April 10, 2018

Jamaican Turned Canadian Speedster Ready To Join Talented Crop

Cory Watson knows all about responsibility. The second of nine siblings raised by a single mother just outside of Montreal, the new Lions’ wide receiver learned all about the importance of it from an early age.  Although not always perfect it proved to be massive dividends as he embarked on his career as a pro football player.

“It had its ups and downs, but all in all it made me the person I am today,” said Watson from his offseason home in Quebec.

“It really helped me in university when I transitioned into one of the leaders. I’m not a very vocal or ‘Ra Ra’ person, but when I was in Edmonton the younger guys would approach me and ask how things are done. I am more of a one-on-one person. For the most part, that’s how I portray my leadership.”

His on-field attributes are just as impressive. A second-round draft pick of the Blue Bombers in 2010, Watson was the club’s nominee for Most Outstanding Canadian and started in the 99th Grey Cup, a loss to his new team, a year later. He also proved to be a good depth receiver in his three seasons in Edmonton, racking up 102 catches for 1,114 yards and seven touchdowns.

After earning his first ring with the Green and Gold in 2015, he is anxious for another one in orange and feels the club is headed in the right direction under new GM Ed Hervey, whom Watson is now reunited with.

“He’s a real ‘players GM’ and easily approachable,” explained Watson.

 

“When he gave me a call to be a part of what he’s doing over there, it was a no-brainer. It’s the same with Jarious Jackson and Markus Howell. They have been coaches of mine in Winnipeg ( Howell only) and Edmonton so I am familiar with those guys and the type of scheme they want to run. They all want to win.”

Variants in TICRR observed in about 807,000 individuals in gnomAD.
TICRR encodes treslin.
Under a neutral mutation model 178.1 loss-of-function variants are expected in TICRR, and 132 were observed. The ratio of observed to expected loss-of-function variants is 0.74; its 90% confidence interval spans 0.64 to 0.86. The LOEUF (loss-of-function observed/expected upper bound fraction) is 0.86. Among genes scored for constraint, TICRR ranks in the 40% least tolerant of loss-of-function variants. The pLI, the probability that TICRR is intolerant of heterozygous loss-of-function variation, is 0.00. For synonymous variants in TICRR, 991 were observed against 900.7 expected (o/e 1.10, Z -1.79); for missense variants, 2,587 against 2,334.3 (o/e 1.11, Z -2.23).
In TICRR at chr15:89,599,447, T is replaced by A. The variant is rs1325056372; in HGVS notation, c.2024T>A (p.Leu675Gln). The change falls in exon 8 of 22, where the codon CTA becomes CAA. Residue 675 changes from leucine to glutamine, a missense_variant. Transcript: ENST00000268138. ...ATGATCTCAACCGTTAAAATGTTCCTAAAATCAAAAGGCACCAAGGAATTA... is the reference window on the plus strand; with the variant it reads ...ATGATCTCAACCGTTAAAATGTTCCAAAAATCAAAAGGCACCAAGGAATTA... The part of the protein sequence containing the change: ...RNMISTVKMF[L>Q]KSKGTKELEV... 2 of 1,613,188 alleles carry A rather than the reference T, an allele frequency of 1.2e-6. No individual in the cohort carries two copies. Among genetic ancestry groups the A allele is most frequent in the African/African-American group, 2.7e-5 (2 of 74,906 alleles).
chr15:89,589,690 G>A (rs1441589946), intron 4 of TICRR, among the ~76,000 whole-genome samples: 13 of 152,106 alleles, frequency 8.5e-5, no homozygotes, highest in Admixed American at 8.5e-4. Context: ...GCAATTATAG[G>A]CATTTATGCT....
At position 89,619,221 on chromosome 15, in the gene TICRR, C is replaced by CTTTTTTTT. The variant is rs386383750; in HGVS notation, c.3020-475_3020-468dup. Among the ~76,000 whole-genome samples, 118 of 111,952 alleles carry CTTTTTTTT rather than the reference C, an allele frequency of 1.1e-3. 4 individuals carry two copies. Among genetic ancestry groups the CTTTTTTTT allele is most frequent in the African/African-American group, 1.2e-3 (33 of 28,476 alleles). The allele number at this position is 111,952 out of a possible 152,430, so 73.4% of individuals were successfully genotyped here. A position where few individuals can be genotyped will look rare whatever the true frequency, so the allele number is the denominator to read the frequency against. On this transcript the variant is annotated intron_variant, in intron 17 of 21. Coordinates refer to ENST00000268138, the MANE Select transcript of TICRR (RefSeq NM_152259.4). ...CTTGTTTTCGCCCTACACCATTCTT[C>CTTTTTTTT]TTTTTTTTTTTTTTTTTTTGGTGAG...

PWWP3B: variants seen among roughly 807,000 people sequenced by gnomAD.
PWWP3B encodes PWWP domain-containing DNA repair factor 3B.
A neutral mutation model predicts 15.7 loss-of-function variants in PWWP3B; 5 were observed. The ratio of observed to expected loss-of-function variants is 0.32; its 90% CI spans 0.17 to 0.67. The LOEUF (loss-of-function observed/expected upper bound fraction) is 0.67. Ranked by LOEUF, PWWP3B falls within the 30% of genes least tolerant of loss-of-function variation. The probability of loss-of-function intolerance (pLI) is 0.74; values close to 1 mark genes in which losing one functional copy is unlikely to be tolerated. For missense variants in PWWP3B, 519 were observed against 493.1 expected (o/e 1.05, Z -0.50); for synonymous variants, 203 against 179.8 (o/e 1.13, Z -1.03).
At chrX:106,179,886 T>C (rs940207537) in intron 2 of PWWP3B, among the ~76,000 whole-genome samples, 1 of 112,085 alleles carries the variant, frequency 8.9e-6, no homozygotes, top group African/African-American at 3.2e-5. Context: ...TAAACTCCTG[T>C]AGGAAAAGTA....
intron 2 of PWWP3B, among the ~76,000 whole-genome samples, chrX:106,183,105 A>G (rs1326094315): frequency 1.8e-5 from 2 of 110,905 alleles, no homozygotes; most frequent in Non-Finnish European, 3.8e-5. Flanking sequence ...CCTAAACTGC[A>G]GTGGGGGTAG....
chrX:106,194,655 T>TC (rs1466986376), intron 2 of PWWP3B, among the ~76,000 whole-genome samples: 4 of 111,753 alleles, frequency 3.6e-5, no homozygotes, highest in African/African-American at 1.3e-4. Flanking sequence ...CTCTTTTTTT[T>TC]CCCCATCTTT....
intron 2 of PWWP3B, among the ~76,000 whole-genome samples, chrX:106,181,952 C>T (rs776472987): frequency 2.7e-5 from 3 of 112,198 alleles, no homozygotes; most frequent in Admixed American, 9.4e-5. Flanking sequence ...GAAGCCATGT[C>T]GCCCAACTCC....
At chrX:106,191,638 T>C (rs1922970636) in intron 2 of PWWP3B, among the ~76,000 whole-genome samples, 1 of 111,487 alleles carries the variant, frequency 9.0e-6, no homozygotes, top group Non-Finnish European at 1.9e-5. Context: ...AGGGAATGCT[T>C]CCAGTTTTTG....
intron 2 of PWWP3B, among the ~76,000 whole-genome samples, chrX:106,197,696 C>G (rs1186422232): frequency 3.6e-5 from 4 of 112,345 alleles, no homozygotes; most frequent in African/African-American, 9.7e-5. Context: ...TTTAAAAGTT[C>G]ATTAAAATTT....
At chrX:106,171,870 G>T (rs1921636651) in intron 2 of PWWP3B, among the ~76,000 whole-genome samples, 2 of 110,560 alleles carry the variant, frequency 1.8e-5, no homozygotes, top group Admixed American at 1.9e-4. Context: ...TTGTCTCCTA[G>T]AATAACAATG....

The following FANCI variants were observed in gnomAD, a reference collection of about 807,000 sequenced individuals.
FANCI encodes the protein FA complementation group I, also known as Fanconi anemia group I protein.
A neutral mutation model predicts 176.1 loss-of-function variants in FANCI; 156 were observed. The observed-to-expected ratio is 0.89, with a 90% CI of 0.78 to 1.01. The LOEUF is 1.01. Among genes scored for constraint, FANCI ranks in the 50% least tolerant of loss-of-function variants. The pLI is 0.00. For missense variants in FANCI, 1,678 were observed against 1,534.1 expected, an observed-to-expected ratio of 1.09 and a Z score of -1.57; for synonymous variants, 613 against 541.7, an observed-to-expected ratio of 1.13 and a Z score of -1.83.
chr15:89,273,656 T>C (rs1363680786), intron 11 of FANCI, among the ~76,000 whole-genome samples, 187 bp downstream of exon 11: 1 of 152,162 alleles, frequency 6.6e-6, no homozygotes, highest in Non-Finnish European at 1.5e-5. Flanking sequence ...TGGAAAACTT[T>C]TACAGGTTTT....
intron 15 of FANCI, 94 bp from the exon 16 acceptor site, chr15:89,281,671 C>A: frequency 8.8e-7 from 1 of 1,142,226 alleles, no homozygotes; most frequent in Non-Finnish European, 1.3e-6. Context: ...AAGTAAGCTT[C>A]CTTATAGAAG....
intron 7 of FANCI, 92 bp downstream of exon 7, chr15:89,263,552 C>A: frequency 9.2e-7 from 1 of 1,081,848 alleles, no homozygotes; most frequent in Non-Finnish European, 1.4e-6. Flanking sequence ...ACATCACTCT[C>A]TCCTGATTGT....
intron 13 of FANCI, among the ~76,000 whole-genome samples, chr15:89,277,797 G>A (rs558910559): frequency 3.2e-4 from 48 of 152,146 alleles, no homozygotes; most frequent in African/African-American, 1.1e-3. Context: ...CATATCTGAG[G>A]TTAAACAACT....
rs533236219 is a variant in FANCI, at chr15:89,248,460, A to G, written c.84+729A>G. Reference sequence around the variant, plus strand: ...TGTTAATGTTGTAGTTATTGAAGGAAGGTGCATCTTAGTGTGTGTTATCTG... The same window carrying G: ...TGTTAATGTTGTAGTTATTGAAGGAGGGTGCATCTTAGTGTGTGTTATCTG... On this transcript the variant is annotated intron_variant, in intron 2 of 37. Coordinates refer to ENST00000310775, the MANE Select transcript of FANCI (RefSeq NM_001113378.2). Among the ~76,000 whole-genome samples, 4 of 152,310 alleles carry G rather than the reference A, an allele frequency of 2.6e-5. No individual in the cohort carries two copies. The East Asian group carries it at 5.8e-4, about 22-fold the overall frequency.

Watson also joins a Canadian receiving corps that features plenty of upside. Shaq Johnson was likely the club’s most improved player on offence last season, while 2017 first round draft pick Daniel Vandervoort is looking to turn heads in his second season.

“The names you mention are all talented guys. I know Shaq is a very speedy receiver and games against us he really stretched the field and hurt us at times. I know Vandervoort had a good year on special teams and can also show those characteristics many Canadian receivers are known for, mainly the ability to fill any role and step up when their number is called.”

And of course, you can’t talk about the Lions’ crop of receivers without mentioning game breakers Emmanuel Arceneaux and Bryan Burnham. You can safely say Watson is going to enjoy not being on the opposite sideline when those two are making plays.

“Being on the other side these last few years, sometimes I had to just close my eyes and hope for the best and that something else might happen and they don’t make a big play,” said the newcomer.

“It’s good to join that duo. Whenever the ball is in the air, chances are something good is going to happen.”

Watson spent the first eight years of his life in Jamaica, where he admits the thought of a career in any sport rarely crossed his mind.

“My mother always made sure I was keeping up with my studies,” recalled Watson. “I do remember running around barefoot, enjoying the island life. The winter was a little warmer there than what I am used to now.”

Despite the quality of life, his mother Ann-Marie Spence made the tough decision to move them to the colder confines of Eastern Canada.

“Her father and brother were already there so she decided to move us all there for a better life. It not only helped me discover football, but my other siblings were able to find their own opportunities as well.”

 

It was his uncle Dave Spence who introduced the young Watson to football at the age of 12. Spence played at Idaho State before a stint on the practice roster in Saskatchewan. He was also Watson’s coach at Concordia University where the youngster was a second team all CIS Canadian in his senior season.

“When I arrived in Canada he was working toward getting his scholarship down south,” said Watson.

“He was a big influence in me becoming a receiver and climbing the professional ladder.”

Nine years into his CFL career, it is safe to say that influence paid off. Now he can’t wait for the real fun to begin at Hillside Stadium on May 20th.

“I’m getting a little antsy in the training room,” laughed Watson.

“You can never wait to strap on the pads and shoulder pads. I can feel the rubber in my cleats and smell football in the air. I can’t wait to get outside and be around the guys.”

Matt Baker: mbaker@bclions.com